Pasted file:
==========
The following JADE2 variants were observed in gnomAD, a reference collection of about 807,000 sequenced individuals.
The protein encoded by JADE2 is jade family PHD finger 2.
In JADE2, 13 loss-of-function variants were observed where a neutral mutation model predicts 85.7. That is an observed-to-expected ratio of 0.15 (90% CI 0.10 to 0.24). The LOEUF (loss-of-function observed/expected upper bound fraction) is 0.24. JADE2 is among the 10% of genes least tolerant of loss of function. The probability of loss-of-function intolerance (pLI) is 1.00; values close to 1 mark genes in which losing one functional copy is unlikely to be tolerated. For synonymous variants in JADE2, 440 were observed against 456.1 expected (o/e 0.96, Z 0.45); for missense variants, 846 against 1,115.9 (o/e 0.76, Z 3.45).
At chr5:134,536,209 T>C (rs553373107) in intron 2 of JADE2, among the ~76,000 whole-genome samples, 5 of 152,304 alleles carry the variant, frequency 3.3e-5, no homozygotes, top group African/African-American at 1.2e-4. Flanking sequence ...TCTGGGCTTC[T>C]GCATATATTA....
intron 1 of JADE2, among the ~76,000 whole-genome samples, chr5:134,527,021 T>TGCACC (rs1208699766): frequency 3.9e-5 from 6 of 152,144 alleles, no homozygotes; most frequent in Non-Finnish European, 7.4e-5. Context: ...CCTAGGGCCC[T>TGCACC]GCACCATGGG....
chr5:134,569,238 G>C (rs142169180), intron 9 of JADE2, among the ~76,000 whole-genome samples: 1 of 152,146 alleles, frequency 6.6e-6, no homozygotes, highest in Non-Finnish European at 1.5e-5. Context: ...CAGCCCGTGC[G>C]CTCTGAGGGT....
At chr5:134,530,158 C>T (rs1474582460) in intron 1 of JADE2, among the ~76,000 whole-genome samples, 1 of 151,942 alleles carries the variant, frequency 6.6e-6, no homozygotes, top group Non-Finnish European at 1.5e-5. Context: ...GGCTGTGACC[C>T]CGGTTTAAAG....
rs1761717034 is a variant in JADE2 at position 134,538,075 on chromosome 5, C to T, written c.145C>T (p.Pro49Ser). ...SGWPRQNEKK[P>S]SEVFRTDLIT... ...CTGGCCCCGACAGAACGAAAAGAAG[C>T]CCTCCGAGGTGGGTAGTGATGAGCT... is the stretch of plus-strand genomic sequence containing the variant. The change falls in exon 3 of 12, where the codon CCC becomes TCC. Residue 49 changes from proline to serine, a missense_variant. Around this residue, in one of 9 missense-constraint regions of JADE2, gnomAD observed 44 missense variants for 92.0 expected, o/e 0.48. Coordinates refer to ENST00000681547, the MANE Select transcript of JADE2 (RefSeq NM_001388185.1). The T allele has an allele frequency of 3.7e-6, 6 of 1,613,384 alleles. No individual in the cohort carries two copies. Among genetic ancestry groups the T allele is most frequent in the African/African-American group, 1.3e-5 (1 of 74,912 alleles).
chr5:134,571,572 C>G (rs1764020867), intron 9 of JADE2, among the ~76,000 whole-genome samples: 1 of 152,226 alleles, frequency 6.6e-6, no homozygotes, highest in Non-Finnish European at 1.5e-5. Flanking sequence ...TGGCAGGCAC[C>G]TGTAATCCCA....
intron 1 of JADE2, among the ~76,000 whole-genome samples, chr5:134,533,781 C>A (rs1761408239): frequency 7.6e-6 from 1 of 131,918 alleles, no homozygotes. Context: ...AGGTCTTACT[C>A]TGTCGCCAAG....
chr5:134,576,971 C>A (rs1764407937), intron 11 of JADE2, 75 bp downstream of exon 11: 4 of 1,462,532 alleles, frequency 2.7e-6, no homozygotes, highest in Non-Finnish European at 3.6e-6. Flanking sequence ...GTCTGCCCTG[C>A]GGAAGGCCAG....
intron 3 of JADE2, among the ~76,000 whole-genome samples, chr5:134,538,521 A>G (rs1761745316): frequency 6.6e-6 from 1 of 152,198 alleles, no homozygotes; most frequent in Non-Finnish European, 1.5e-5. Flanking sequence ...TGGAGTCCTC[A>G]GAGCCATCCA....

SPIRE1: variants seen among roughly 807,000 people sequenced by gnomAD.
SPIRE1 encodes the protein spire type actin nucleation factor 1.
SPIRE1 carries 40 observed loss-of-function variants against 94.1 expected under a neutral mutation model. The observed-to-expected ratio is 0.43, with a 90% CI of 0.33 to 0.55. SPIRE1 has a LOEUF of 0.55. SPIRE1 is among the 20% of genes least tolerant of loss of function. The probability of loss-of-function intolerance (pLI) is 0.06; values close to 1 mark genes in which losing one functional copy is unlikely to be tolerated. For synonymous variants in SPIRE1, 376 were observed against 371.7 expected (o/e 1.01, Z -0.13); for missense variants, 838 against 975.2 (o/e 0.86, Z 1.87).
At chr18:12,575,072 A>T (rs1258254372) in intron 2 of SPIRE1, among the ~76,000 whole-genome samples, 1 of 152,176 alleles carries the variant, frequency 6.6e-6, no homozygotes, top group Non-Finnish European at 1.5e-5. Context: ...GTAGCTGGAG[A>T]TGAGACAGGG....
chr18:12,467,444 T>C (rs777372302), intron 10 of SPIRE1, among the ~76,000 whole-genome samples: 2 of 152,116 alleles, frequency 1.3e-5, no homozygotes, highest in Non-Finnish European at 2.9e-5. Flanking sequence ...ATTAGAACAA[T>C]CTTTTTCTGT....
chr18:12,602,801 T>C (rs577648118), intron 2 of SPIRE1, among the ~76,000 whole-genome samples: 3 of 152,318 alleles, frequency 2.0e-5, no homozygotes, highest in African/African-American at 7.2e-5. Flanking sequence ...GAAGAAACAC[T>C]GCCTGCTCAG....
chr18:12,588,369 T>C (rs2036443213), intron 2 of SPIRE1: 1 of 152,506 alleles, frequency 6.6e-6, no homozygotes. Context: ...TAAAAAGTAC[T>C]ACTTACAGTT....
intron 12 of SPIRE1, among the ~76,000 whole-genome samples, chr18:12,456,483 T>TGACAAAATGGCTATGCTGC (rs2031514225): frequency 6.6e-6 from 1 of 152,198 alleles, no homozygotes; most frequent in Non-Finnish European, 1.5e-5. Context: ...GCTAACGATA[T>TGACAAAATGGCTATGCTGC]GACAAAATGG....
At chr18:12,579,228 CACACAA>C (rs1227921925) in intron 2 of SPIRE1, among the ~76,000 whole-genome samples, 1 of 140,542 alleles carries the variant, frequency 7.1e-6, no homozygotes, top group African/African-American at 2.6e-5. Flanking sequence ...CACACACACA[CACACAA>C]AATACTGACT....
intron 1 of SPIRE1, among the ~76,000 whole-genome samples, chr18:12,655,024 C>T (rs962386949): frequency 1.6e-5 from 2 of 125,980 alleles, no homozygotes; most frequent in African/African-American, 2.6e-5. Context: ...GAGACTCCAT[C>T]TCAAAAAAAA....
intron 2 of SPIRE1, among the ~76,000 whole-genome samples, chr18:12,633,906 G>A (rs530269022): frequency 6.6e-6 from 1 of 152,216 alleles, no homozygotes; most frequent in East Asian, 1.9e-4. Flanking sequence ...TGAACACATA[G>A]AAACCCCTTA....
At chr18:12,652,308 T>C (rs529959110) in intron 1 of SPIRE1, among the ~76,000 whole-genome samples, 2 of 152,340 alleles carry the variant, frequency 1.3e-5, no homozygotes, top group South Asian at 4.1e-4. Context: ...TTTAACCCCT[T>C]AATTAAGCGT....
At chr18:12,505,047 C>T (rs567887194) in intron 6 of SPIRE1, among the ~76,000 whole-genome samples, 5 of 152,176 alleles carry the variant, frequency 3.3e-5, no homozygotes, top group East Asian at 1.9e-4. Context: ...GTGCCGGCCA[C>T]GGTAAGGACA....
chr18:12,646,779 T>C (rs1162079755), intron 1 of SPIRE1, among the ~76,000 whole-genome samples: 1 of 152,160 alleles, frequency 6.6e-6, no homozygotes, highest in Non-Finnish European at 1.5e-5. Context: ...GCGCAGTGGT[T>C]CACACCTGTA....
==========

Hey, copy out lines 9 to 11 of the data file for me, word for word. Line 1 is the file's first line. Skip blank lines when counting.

chr5:134,571,572 C>G (rs1764020867), intron 9 of JADE2, among the ~76,000 whole-genome samples: 1 of 152,226 alleles, frequency 6.6e-6, no homozygotes, highest in Non-Finnish European at 1.5e-5. Flanking sequence ...TGGCAGGCAC[C>G]TGTAATCCCA....
intron 1 of JADE2, among the ~76,000 whole-genome samples, chr5:134,533,781 C>A (rs1761408239): frequency 7.6e-6 from 1 of 131,918 alleles, no homozygotes. Context: ...AGGTCTTACT[C>A]TGTCGCCAAG....
chr5:134,576,971 C>A (rs1764407937), intron 11 of JADE2, 75 bp downstream of exon 11: 4 of 1,462,532 alleles, frequency 2.7e-6, no homozygotes, highest in Non-Finnish European at 3.6e-6. Flanking sequence ...GTCTGCCCTG[C>A]GGAAGGCCAG....